I’m interested in the idea of experimenting, but really what I find essential in life is experience. We grow through experiences. We come to know ourselves and, in the process, rely less on external sources of ‘happiness’. The ‘when’ of these experiences is also instructive. Why now? If I had been able to fully experience whatever I wanted when I was younger, how would that have shaped me and my perspectives? Is my life richer for the contrast of experiences I’ve had or not had?
One of the things that I really loved about this novel is your strong intent to make sure that there are no villains – no bad people, only bad situations. Why did you make this choice and was it easy to stick to?
I don’t think I set out not to write villains, but I agree that the challenges lie more in situations than specific people. Really, I just set out to write truthfully. And in truth, no one thinks they are a villain – we are always the good guy. But we have antagonists in life – either imagined or real (sometimes created). That is more interesting and believable to me than a villain or enemy who becomes defined by that role. I think you can do your main characters a disservice by making the ‘bad guy’ clear-cut. This is almost like absolving your character of their potential for genuine growth. If everything that happens to them is because they have a clear enemy, what does that mean for your character’s journey?
So, I asked instead, what antagonises Sahar? What are the worst things that can happen to her? What will prevent her from seeing the truth of who she is or who she can be? What will stop her from reaching her goals? Who are the people she would not get along with, and who has mistreated her? Ultimately, like with many of us, Sahar’s worst enemy is herself: she is her own prison guard and her own worst critic.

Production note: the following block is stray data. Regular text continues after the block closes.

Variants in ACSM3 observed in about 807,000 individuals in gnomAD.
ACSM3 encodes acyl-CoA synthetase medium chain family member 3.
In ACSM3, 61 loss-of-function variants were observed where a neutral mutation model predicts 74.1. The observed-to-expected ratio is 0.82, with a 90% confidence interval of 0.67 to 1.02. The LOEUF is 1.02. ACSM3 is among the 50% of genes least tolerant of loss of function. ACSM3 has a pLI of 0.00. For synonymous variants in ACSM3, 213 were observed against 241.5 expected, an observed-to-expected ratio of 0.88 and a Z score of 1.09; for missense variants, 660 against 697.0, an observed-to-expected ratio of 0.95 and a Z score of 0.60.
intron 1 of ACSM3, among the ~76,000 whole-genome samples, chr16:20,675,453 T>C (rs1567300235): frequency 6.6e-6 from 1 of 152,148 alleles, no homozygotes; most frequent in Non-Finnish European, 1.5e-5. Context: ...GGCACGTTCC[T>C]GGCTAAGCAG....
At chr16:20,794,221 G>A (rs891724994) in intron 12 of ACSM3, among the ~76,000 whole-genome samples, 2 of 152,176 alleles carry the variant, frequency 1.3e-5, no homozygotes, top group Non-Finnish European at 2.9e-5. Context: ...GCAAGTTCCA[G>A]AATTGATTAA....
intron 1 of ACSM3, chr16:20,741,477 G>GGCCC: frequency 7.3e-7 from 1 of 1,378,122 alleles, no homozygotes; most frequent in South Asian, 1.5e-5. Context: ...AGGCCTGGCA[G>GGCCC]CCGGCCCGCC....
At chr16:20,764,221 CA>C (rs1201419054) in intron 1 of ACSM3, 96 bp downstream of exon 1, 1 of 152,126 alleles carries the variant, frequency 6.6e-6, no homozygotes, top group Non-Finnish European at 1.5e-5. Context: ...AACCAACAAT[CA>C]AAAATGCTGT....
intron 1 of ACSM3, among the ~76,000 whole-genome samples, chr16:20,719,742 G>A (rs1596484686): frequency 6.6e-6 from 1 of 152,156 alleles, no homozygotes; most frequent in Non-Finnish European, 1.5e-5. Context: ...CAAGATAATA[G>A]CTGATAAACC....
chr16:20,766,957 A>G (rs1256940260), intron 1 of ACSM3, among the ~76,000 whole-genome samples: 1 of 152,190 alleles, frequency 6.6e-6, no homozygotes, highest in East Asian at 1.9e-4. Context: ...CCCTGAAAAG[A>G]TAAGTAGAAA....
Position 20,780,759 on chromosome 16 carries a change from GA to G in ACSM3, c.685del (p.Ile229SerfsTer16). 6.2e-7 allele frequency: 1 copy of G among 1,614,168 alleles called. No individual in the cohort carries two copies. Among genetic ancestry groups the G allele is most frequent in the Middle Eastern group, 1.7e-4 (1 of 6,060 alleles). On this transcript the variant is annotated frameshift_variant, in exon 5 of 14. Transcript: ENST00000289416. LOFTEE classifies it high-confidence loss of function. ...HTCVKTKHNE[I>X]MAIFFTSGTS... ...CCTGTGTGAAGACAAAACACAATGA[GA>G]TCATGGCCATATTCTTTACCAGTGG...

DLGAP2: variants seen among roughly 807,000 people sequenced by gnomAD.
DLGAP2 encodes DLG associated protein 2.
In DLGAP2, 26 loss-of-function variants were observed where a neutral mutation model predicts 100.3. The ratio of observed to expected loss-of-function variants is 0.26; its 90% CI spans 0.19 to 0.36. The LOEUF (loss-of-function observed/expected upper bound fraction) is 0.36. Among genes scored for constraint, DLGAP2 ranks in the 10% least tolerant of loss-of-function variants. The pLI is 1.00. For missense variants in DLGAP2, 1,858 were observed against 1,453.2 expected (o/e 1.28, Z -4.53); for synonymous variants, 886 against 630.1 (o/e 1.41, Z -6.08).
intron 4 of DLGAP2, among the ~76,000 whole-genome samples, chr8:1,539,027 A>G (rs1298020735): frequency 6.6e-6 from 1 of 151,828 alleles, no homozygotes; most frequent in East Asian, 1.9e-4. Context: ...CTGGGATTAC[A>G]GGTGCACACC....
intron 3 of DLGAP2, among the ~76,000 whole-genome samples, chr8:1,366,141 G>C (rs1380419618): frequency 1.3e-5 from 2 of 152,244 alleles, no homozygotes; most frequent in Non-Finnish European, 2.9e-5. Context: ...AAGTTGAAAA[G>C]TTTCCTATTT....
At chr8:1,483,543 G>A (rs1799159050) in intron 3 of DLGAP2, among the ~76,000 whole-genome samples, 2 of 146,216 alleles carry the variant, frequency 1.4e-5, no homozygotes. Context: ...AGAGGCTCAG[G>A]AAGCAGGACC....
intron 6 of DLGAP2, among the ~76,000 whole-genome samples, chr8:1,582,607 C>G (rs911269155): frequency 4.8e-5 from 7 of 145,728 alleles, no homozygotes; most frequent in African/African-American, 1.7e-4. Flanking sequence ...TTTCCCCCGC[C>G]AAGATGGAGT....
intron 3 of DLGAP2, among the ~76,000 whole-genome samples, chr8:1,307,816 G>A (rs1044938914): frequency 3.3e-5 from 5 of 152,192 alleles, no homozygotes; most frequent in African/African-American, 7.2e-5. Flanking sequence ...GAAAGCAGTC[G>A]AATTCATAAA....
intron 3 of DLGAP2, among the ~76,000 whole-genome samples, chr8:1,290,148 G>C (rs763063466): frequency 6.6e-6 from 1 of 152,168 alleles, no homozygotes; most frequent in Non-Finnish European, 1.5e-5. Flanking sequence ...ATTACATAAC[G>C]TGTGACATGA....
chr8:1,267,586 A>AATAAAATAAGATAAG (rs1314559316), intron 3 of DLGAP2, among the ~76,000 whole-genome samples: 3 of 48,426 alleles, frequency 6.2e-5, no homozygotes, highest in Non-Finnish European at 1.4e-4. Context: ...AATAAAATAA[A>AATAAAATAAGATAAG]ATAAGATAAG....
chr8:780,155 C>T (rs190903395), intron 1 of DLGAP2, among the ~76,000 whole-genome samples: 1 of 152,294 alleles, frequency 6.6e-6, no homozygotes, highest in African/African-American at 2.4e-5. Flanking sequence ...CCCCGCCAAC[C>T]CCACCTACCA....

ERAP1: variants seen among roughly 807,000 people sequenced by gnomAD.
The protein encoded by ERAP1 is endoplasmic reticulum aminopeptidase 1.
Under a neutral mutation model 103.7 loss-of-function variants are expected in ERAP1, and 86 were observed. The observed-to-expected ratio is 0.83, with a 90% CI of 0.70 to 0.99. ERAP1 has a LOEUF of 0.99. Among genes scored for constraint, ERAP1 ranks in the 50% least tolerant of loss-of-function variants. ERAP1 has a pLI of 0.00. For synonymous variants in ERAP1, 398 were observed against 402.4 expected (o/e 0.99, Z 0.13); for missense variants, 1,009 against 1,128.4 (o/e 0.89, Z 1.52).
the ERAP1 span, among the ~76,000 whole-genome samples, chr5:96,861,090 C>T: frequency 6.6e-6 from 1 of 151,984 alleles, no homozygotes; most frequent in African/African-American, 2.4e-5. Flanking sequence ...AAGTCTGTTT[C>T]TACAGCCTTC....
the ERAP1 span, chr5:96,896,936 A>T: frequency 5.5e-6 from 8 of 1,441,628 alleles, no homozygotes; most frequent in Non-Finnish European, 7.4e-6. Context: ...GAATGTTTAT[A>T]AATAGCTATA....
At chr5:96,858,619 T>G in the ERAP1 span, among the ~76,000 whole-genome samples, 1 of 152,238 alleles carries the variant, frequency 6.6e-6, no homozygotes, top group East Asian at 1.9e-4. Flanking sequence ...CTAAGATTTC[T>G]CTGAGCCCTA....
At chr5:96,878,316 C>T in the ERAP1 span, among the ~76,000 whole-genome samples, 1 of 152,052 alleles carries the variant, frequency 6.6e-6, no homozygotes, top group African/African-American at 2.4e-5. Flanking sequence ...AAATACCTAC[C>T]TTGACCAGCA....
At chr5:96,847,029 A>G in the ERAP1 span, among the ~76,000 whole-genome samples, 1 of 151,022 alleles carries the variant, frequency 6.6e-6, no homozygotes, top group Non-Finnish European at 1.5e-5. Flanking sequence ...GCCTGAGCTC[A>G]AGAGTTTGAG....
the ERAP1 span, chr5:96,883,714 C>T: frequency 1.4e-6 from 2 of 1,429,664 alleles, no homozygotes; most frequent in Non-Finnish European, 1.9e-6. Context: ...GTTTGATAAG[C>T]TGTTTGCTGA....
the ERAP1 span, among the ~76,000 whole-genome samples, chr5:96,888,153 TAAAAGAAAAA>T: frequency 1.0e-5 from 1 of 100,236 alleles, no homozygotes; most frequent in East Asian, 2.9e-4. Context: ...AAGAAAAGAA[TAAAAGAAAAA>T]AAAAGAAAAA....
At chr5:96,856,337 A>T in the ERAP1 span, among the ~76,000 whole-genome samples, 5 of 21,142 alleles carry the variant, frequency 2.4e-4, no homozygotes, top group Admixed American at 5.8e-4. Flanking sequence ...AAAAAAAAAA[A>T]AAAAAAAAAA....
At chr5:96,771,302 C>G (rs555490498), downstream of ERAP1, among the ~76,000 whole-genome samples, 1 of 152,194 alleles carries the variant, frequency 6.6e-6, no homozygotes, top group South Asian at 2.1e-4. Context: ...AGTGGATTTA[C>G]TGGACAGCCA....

Finally, it is so much more interesting to me to wonder why a ‘bad guy’ is that way. You could argue that Sahar’s ex is a villain, but is he really? What informed his behaviour? And if he is villainous, what does it mean for Sahar and her potential, rather than how does she escape a “bad husband” to be “free”?
Be truthful: how much chocolate did you eat for ‘research’ during the course of writing this novel?
Ha ha, I didn’t over-indulge, but I did a chocolate tempering workshop where, to be honest, we were given way too much access to the chocolate buds used for the class. I did do a lot of research as well, which inevitably led to sweet cravings!
The ‘Things We See in the Light’ is available now, but I understand that Samira and Lara will have their own stories re-released in the next few months. Did you do much revision/revisiting of these characters and stories with the benefit of hindsight?
Yes, the first two books in the series are being re-released in November: ‘Courting Samira’ and ‘This Is How You Get Better’, which are Samira’s and Lara’s stories respectively. As they were originally self-published, they benefitted from some major revisions, and it’s been so wonderful to revisit these stories as a more experienced writer and having spent more time with them while writing ‘The Things We See in the Light’.
With Samira, I did revisit her more heavily in ‘Courting Samira’ than Lara in ‘This is How You Get Better’. This was mainly around some of the gender dynamics and how she presented herself. Lara’s story really needed more structural work than character revision. I’ve had many more years of experience in storytelling since writing those novels, so that certainly informed the process. They needed a good edit, and with my publisher’s amazing team, I think we gave them that.
Finally, what are you working on now?
I am working on a new novel, again with Pantera Press, with the working title ‘Come to Me in My Dreams’. I am also involved in various screenwriting projects and have a lo-fi podcast called Creative Confessionals, which allows me to talk about the joys and challenges of being a creative. There are interviews with some amazing artists and writers, and I also talk a bit about writing books and the publishing process.